Egúngún Masquerade Dance Costume (paka egúngún)
Arts of Africa
Swirling into motion, egúngún masquerade costumes appear during annual festivities to bless the community. Manifesting ancestral spirits, they serve as a bridge between the living and the otherworld. Paka egúngún, which escort more senior masks and perform whirling dances, are covered with fabric panels that create a dwelling place for ancestral spirits. Arranged and selected according to Yorùbá design sense (ojú-ọnà), this mask incorporates hundreds of African, Asian, and European fabrics. These include imported damasks, velvets, faux furs, and embroideries, as well as local indigo-dyed cottons.
Cotton, wool, wood, silk, synthetic textiles (including viscose rayon and acetate), indigo, and aluminum
est.: 55 x 6 x 63 in. (139.7 x 15.2 x 160 cm) (show scale)
Gift of Sam Hilu
Dance costume composed of a wooden beam, which rests on top of the head, draped in several layers of varied cotton and wool textile panels. Comparatively newer, resist-dyed and factory made cloths are on the outer layer of textile panels, while indigo-dyed panels are underneath. Textile panels are decorated with embossed and perforated aluminum geometric objects, sewed onto the surface.
Condition : good. Conservation backing has been sewn onto the back of the innermost layer of panels. Two longer panels are separate from the main assemblage.
This item is not on view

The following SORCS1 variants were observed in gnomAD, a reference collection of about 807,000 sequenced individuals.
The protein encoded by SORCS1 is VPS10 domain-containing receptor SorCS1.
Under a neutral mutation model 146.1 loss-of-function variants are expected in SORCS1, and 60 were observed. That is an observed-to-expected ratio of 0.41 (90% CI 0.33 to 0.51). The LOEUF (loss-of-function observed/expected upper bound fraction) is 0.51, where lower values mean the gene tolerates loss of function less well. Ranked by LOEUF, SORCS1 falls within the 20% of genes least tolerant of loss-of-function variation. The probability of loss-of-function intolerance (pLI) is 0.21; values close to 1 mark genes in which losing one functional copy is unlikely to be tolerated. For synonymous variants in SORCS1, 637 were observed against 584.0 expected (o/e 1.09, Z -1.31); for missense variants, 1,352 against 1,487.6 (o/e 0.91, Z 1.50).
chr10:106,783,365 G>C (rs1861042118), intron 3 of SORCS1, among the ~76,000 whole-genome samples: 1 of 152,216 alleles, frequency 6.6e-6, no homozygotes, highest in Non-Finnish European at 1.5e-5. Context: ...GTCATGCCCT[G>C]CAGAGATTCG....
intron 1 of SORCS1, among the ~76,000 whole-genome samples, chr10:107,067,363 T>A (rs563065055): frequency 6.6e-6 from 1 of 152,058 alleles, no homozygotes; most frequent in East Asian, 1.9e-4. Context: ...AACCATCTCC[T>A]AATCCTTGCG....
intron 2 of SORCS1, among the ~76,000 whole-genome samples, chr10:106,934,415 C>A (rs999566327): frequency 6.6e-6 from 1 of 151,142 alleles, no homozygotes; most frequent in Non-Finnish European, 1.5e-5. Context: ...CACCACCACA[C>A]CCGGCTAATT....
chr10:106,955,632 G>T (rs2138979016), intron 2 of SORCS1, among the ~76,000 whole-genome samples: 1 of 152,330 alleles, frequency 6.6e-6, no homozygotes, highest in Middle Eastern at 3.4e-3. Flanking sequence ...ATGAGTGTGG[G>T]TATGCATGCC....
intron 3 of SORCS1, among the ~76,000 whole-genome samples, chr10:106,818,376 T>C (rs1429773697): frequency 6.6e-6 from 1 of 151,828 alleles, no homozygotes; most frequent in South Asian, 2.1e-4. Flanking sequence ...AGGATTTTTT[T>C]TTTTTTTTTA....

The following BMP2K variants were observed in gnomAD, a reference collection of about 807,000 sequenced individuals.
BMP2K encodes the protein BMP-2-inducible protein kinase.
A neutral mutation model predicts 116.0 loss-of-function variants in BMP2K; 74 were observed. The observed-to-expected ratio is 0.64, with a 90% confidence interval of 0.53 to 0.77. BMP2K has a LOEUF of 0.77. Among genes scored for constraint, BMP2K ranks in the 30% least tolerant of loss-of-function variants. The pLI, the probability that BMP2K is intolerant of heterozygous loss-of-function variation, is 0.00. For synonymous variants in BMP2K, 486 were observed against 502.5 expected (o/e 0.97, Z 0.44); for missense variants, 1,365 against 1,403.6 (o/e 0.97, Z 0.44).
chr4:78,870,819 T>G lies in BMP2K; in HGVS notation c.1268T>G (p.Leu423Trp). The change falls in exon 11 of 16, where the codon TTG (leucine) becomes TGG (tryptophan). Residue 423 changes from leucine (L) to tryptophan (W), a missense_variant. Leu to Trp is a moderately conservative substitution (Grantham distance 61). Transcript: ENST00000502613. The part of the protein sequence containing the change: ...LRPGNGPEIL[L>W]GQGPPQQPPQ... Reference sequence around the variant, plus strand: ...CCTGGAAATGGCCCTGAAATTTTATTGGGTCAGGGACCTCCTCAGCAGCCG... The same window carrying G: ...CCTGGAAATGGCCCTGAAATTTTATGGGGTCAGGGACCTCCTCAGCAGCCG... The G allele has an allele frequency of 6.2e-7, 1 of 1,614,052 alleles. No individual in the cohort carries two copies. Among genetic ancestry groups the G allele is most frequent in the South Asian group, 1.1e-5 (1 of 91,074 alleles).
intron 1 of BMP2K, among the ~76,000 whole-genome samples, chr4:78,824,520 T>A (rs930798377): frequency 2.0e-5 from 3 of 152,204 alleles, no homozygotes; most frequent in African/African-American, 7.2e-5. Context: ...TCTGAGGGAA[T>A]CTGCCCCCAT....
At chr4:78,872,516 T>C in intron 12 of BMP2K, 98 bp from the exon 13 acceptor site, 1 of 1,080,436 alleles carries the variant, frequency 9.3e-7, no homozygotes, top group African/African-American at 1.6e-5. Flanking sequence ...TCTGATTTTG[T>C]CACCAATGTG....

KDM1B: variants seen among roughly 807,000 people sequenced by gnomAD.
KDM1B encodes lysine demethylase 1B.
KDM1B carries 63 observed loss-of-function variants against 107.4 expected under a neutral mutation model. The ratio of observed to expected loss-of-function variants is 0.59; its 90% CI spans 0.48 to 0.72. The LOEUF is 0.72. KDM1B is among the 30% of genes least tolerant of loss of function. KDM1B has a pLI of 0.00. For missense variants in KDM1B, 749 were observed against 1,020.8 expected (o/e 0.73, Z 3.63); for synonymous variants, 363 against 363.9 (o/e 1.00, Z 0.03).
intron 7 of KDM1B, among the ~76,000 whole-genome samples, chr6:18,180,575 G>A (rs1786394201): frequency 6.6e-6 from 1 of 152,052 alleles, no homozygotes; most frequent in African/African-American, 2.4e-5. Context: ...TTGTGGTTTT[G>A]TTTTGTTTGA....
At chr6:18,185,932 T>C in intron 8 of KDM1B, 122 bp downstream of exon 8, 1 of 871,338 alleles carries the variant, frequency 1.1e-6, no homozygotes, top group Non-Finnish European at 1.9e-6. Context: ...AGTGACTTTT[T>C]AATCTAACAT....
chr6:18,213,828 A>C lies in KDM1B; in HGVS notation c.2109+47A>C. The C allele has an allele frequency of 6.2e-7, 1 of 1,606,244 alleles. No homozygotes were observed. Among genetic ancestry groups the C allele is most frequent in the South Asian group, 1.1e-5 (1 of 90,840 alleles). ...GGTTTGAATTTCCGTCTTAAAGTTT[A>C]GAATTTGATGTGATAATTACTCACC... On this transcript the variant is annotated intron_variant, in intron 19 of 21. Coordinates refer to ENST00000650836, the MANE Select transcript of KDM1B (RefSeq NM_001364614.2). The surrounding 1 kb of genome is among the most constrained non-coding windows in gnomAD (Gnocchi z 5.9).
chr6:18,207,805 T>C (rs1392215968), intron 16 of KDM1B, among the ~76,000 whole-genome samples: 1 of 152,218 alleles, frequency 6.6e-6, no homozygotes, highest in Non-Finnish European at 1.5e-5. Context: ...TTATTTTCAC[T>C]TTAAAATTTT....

Yorùbá. Egúngún Masquerade Dance Costume (paka egúngún), ca. 1920-1948. Cotton, wool, wood, silk, synthetic textiles (including viscose rayon and acetate), indigo, and aluminum, est.: 55 x 6 x 63 in. (139.7 x 15.2 x 160 cm). Brooklyn Museum, Gift of Sam Hilu, 1998.125. Creative Commons-BY (Photo: , 1998.125_front_PS11.jpg)
front, 1998.125_front_PS11.jpg., 2018
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What is egungun?
Egungun is a Yoruba traditional masquerade danced once a year to call forth and pay respect to the ancestral dead, who reenter the community through these costumes.
What I like most about egungun is how ornamental the fabric are, the example we have here really showcases cross cultural exchange. Some of the fabrics
and dyes are produced locally, while others are traded.
Why are women barred from this practice in Africa?
Women are actually quite involved in masquerade, creating costumes, singing and dancing, as well as spectatorship. In general women simply do not wear wooden masks Africa is such a large continent with millions of people, so there are always exceptions! Women wear wooden masks in a few instances such as the Mende women in Sierra Leone who wear them in the Sande society.
The role of women in masquerade traditions is being challenged and critiqued by numerous contemporary art, nearby works by Zina Saro-Wiwa and Wura-Natasha Ogunji and Saya Woolfalk all are investigating femininity in relationship to wooden masks.